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The value of China’s A-share market plunged by 40 per cent in a few weeks beginning in June 2015. Photo: Reuters

New | China’s regulator fines brokers, blames them for financing role in 2015 stock market rout

Three brokerage firms punished for illegally providing short selling services during China’s stock rout in June, 2015

China’s regulator has penalised three of the country’s largest brokers, blaming them for their role in the 2015 stock market crash, in the first official account of a rout that wiped out US$5 trillion of market value in a few weeks since mid June that year.

Leading mainland brokerages Citic Securities and Haitong Securities, together with smaller player Guosen Securities, were fined by the China Securities Regulatory Commission (CSRC) for breaking margin financing and securities lending rules in a case involving Citadel Securities, filings of the three companies said on Wednesday night.

Analysts have taken the penalty a final conclusion to a two-year investigation led by the CSRC, regarding the involvement of brokerage companies during the sharp stock market slump.

Citic Securities, China’s largest brokerage house, had broken rules on margin financing and its securities lending business by “failing to execute business contracts with its customers in accordance with the relevant provisions”, the investigation by the CSRC found, the filing said.

Specifically, Citic Securities provided credit account services to Citadel (Shanghai) Trading Company in breach of requirements that the company needed to have an active account open with the brokerage for at least six months, the filing said.

Haitong Securities and Guosen Securities were also punished for violating margin financing rules related to providing margin trading services to Citadel Shanghai.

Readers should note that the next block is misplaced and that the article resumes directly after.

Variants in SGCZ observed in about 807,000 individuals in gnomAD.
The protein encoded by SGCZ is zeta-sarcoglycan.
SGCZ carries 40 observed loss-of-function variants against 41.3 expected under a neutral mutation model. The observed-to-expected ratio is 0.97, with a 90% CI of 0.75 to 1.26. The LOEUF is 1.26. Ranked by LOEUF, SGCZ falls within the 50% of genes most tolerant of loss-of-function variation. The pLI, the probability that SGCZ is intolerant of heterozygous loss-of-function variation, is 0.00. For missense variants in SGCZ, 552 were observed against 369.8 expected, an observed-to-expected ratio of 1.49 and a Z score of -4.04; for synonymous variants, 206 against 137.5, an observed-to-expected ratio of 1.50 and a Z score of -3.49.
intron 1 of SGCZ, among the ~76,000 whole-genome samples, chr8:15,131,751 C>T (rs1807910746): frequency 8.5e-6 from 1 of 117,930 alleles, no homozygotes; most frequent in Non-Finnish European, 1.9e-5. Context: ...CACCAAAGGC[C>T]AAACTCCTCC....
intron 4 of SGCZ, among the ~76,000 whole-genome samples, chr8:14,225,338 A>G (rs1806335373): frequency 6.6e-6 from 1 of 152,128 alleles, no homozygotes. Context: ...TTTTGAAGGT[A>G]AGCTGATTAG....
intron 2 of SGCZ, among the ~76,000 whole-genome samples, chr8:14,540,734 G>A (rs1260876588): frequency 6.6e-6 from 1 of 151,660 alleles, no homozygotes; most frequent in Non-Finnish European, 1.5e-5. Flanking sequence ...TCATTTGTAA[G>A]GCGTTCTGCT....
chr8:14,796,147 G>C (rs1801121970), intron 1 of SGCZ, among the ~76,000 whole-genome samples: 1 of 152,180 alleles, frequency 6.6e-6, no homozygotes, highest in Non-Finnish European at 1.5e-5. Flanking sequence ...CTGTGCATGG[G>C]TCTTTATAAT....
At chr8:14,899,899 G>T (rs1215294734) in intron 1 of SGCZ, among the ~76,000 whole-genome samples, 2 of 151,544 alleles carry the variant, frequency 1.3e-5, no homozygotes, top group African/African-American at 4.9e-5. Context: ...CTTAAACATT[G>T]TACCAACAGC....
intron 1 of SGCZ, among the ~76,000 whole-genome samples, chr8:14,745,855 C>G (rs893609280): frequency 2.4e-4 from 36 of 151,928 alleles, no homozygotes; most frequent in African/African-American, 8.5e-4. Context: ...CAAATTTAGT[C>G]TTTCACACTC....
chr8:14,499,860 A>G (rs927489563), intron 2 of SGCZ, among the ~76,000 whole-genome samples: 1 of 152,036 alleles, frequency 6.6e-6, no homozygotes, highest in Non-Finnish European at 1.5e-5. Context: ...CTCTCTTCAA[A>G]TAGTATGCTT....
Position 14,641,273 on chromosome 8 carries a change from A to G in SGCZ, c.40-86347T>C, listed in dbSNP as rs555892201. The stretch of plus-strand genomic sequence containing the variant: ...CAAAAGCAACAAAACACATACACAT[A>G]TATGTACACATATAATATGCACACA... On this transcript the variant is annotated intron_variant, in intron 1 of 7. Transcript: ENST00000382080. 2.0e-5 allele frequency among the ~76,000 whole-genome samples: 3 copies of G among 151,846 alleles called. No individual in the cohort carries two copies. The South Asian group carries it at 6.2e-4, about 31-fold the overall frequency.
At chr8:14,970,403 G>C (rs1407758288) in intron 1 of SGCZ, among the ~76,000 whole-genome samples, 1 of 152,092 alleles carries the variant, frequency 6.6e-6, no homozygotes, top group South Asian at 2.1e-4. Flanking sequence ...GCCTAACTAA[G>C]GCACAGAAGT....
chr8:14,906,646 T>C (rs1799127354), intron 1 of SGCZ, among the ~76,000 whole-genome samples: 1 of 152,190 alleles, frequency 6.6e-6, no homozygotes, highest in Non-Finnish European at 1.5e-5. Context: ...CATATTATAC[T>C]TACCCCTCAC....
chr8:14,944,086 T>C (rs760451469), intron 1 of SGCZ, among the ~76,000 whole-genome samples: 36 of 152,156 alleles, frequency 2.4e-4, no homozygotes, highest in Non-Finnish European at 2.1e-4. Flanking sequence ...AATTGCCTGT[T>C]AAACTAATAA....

Citadel Shanghai is a a unit of Citadel Securities. The company confirmed in August 2015 that one of the accounts of Citadel Shanghai was suspended by the Shenzhen exchange, Bloomberg reported.

The Shanghai Stock Exchange suffered a sharp sell-off from mid-June 2015, with 40 per cent of the value of its A-share market eviscerated in just a few weeks.


At the time, regulators blamed speculators, algorithmic traders, and “malicious short sellers” for exacerbating the market slump.

“Brokerage houses including Citic Securities were brought under investigation for whether they have been colluding with malicious short sellers to take profit from the stock rout, while investors have been selling off Citic Securities to avoid risk,” said Hu Xiang, an analyst with Soochow Securities.

Seven senior managers of Citic Securities including its president Cheng Boming were taken away by police for probe in August that year.

“The penalty announced last night is lighter than expectation, which is a positive news to Citic Securities,” Hu said.

CITIC Securities said in a filing to the Hong Kong and Shanghai bourses on Wednesday evening that it had been fined 308.3 million yuan (US$44.75 million) and had a further 61.7 million yuan of “illegal proceeds” confiscated by the China Securities Regulatory Commission (CSRC).

In addition, the securities regulator imposed separate fines of 100,000 yuan on company executives Da Xinya and Song Cheng.

China Securities Regulatory Commission chairman Liu Shiyu. Photo: Simon Song
A CITIC Securities logo at a branch in Beijing. Photo: Reuters

Haitong Securities and Guosen Securities were also punished for violating margin financing rules related to providing margin trading services to Citadel.

Haitong was fined 2.5 million yuan, while Guosen and its futures unit were fined a total of 105 million yuan. The regulator also issued warnings and fined the Haitong and Guosen executives involved, the brokerages said.

Citic Securities closed higher by 3.9 per cent to 16.4 yuan in Shanghai. Its Hong Kong listed share rose 2.7 per cent to HK$16.2.

Haitong securities added 2.44 per cent to 15.1 yuan in Shanghai, while rose 2.8 per cent to HK$13.1 in Hong Kong.

Guosen Securities rose by 3.8 per cent to 13.11 yuan in Shenzhen.

This article has been amended to correct the name of Citadel Securities.

This article appeared in the South China Morning Post print edition as: brokerages face regulatory wrath